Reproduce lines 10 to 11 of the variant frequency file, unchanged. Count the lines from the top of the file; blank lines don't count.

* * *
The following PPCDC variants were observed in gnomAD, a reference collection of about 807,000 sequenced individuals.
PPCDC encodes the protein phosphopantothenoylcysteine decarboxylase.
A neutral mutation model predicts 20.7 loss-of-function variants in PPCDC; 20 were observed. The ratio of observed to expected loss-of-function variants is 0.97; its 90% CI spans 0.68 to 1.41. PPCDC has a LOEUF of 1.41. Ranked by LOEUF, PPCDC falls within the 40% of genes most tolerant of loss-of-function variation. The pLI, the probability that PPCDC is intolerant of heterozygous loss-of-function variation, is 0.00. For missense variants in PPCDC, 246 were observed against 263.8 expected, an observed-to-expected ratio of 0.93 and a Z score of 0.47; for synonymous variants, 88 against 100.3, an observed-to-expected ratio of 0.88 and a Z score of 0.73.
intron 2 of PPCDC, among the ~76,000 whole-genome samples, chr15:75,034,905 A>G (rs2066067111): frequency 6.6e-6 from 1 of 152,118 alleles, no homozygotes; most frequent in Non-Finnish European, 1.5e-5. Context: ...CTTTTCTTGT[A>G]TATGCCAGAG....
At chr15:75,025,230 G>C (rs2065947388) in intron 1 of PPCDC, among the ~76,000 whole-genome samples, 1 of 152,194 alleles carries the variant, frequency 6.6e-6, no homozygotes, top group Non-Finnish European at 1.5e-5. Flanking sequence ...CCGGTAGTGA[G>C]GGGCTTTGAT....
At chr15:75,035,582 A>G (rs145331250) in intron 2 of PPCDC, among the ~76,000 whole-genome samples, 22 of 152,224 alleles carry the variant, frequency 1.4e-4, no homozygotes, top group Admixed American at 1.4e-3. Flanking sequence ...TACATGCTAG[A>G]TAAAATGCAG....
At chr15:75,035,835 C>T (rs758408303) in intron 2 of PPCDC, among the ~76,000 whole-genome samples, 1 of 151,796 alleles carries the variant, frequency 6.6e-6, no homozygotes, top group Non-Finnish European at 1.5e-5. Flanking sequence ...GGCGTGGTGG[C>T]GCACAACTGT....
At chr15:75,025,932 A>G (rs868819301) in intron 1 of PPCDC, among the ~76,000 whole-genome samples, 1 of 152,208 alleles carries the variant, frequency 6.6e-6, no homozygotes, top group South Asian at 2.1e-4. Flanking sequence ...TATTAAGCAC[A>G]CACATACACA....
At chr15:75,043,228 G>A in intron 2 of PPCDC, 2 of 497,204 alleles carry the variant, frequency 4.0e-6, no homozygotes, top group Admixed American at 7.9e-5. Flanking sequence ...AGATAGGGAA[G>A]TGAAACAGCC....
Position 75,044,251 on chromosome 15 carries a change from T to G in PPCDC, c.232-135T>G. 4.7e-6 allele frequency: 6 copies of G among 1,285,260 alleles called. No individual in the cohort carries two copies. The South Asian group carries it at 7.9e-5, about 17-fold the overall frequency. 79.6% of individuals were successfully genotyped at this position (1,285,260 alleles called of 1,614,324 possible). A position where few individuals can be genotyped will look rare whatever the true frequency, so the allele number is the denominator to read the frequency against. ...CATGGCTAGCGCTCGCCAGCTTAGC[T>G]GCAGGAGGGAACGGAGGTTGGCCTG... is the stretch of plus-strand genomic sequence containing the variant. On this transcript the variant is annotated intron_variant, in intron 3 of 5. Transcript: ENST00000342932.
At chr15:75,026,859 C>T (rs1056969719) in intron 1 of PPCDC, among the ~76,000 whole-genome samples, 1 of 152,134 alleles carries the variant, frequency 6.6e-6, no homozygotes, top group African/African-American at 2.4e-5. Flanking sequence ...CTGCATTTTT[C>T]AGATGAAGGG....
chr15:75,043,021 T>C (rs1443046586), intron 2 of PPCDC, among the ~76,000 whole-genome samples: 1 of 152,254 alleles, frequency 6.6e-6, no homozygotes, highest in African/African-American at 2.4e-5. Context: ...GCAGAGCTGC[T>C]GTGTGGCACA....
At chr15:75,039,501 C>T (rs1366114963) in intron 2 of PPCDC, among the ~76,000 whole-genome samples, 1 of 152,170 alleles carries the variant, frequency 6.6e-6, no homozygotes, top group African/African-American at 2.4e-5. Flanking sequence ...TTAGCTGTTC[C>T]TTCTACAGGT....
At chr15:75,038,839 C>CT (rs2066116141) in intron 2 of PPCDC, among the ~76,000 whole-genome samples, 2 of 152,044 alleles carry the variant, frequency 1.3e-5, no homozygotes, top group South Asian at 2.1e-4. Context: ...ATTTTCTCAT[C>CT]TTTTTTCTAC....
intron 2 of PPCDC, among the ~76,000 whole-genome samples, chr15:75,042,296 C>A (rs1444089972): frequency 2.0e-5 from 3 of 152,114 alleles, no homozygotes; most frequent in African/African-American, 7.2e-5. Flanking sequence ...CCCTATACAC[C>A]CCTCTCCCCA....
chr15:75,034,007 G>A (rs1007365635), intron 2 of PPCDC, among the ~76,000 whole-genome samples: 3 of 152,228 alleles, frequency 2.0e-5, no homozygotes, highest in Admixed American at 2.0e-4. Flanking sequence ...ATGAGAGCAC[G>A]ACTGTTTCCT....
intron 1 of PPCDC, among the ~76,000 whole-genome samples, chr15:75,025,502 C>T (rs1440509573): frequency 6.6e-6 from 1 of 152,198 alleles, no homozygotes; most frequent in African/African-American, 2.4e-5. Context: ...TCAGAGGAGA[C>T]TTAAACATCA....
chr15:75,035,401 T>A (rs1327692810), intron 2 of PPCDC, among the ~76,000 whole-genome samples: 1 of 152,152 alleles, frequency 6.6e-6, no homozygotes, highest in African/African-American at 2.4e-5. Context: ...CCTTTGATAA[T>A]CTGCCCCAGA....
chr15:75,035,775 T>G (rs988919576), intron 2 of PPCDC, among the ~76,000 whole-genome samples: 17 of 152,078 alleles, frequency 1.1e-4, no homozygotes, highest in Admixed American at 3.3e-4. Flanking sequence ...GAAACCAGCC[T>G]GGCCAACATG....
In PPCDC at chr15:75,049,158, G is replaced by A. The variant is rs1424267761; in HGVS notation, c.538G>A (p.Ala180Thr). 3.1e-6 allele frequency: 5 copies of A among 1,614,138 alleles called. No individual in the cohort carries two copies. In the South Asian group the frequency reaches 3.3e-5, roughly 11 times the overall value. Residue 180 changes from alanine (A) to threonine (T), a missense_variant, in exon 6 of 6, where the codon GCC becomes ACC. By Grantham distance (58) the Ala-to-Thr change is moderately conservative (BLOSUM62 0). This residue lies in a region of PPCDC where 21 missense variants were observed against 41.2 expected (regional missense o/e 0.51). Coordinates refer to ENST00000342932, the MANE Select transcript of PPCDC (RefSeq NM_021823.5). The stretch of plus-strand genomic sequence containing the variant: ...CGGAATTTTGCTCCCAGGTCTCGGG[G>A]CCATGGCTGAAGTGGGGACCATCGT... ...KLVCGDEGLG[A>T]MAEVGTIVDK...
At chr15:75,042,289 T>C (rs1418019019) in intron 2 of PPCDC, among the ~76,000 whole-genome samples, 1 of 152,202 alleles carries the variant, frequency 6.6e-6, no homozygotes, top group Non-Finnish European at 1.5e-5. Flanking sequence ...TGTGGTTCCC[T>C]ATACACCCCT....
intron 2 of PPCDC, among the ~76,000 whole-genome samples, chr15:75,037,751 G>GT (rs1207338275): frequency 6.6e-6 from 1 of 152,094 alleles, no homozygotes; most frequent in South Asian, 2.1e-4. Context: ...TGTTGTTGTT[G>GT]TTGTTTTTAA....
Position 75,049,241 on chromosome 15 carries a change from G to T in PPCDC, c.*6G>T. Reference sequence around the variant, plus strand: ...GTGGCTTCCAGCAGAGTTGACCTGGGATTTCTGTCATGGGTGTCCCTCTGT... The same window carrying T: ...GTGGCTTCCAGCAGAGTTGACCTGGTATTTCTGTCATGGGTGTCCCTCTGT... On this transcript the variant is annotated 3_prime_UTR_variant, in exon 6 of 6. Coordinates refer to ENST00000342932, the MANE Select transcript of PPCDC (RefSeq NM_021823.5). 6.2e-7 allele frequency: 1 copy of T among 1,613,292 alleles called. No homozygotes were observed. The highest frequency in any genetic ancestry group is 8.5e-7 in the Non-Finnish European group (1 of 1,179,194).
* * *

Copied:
Position 75,044,251 on chromosome 15 carries a change from T to G in PPCDC, c.232-135T>G. 4.7e-6 allele frequency: 6 copies of G among 1,285,260 alleles called. No individual in the cohort carries two copies. The South Asian group carries it at 7.9e-5, about 17-fold the overall frequency. 79.6% of individuals were successfully genotyped at this position (1,285,260 alleles called of 1,614,324 possible). A position where few individuals can be genotyped will look rare whatever the true frequency, so the allele number is the denominator to read the frequency against. ...CATGGCTAGCGCTCGCCAGCTTAGC[T>G]GCAGGAGGGAACGGAGGTTGGCCTG... is the stretch of plus-strand genomic sequence containing the variant. On this transcript the variant is annotated intron_variant, in intron 3 of 5. Transcript: ENST00000342932.
At chr15:75,026,859 C>T (rs1056969719) in intron 1 of PPCDC, among the ~76,000 whole-genome samples, 1 of 152,134 alleles carries the variant, frequency 6.6e-6, no homozygotes, top group African/African-American at 2.4e-5. Flanking sequence ...CTGCATTTTT[C>T]AGATGAAGGG....